Gene Expression of Stearoyl-ACP Desaturase and Δ12 Fatty Acid Desaturase 2 Is Modulated During Seed Development of Flax (Linum usitatissimum)

January 1, 2006 Human Health and Nutrition Data 0 Comments

Gene Expression of Stearoyl-ACP Desaturase and Δ12 Fatty Acid Desaturase 2 Is Modulated During Seed Development of Flax (Linum usitatissimum)

Year: 2006
Authors: Fofana, B., Cloutier, S., Duguid, S., Ching, J., Rampitsch, C.
Publication Name: Lipids
Publication Details: Volume 41; Pages 705 – 712


Flax’s recent popularity in human and animal foods is mostly due to its desirable FA composition. Flax is an excellent source of omega-3 FA, which have been shown to have many health benefits. To date, little is known about the genetic and environmental factors that control the FA composition of flax seeds. To elucidate some of the important genetic components, reverse transcriptase (RT)–PCR and real-time PCR were used to determine the expression profiles of two key FA biosynthetic genes during seed development. Plants of flax cultivar AC McDuff were grown under field conditions, and RNA was extracted from ovaries and developing bolls collected from 2 d after anthesis (DAA) to maturity. Desaturation enzymes stearoyl-ACP desaturase (SAD) and Δ12 FA desaturase 2 (FAD2) were both expressed in ovaries, and their expression was differentially modulated throughout seed development. SAD was most highly expressed in ovaries. Its expression quickly decreased until 4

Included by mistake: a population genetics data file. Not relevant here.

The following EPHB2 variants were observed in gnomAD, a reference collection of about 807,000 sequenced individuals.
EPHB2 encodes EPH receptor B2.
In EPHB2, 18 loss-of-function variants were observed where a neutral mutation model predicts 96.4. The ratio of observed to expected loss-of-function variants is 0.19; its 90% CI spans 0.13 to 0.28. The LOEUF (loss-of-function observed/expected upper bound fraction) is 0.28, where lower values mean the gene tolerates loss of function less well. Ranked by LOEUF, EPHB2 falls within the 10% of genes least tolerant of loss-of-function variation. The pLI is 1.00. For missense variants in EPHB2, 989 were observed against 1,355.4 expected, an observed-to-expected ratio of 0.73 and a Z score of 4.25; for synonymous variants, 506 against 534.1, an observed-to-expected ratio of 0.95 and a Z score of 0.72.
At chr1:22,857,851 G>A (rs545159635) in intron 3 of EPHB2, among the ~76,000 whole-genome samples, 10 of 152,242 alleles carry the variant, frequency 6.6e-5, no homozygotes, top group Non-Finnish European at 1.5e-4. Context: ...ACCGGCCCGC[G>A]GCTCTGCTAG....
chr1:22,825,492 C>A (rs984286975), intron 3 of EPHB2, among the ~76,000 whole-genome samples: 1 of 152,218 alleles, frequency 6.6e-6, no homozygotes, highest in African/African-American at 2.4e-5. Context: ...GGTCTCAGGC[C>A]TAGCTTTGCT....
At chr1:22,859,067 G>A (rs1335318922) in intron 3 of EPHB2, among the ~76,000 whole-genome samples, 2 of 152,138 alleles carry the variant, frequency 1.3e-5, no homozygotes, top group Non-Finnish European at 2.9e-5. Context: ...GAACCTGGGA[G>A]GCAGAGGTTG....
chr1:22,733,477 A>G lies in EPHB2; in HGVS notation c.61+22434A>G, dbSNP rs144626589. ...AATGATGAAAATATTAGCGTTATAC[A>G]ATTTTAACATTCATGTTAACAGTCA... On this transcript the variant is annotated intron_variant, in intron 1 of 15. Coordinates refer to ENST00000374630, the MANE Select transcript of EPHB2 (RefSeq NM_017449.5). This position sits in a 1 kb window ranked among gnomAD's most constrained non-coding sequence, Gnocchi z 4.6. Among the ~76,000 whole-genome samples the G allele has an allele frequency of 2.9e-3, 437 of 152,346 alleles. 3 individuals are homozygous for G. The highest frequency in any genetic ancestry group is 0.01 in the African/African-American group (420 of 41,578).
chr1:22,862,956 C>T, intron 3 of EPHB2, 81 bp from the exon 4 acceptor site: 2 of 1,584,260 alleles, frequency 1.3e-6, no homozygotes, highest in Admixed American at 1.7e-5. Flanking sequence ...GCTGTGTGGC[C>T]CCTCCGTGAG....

DAA; this was followed by a slight peak at 8 DAA, only to return to relatively low levels of expression in maturing bolls, ranging from 2.1% to 4.5% relative to the level observed in ovaries. FAD2 expression displayed a different temporal pattern. While expression of FAD2 did decrease in the early stages of seed development, expression increased starting at 8 DAA, peaking at 16 DAA, when it was 158% relative to the level observed in ovaries. FAD2, which desaturates oleic acid (18:1cisΔ9) into linoleic acid (18:2cisΔ9,12), is therefore controlled at the transcription level. To relate enzyme expression with FA profile, GC was performed on the same subsamples used for RT-PCR and real-time PCR, and proportions of palmitic, stearic, oleic, linoleic, and linolenic acids were determined for the same developmental stages. Although FAD2 expression increased from 8 to 16 DAA, relative changes in linoleic acid (18:2cis Δ9,12) were not observed. However, linolenic acid (ALA; a-18:3; 18:3cisΔ9,12,15) levels increased
steadily, meaning that linoleic acid (18:2cisΔ9,12) is a transient substrate converted by FAD3 as quickly as it is produced by FAD2. Phenotypes are the result of genotypes, environment, and the interaction of the two. To evaluate the environmental impact on the production of FA in flax, FA profiles were assessed in a total of four environments (two locations, two years). Warm and dry environmental conditions resulted in lower levels of PUFA 18:2cisΔ9,12 and 18:3cisΔ9,12,15, and higher levels of 18:1cisΔ9. FAD2 expression and/or activity may therefore be affected by the environment. Author's Abstract.

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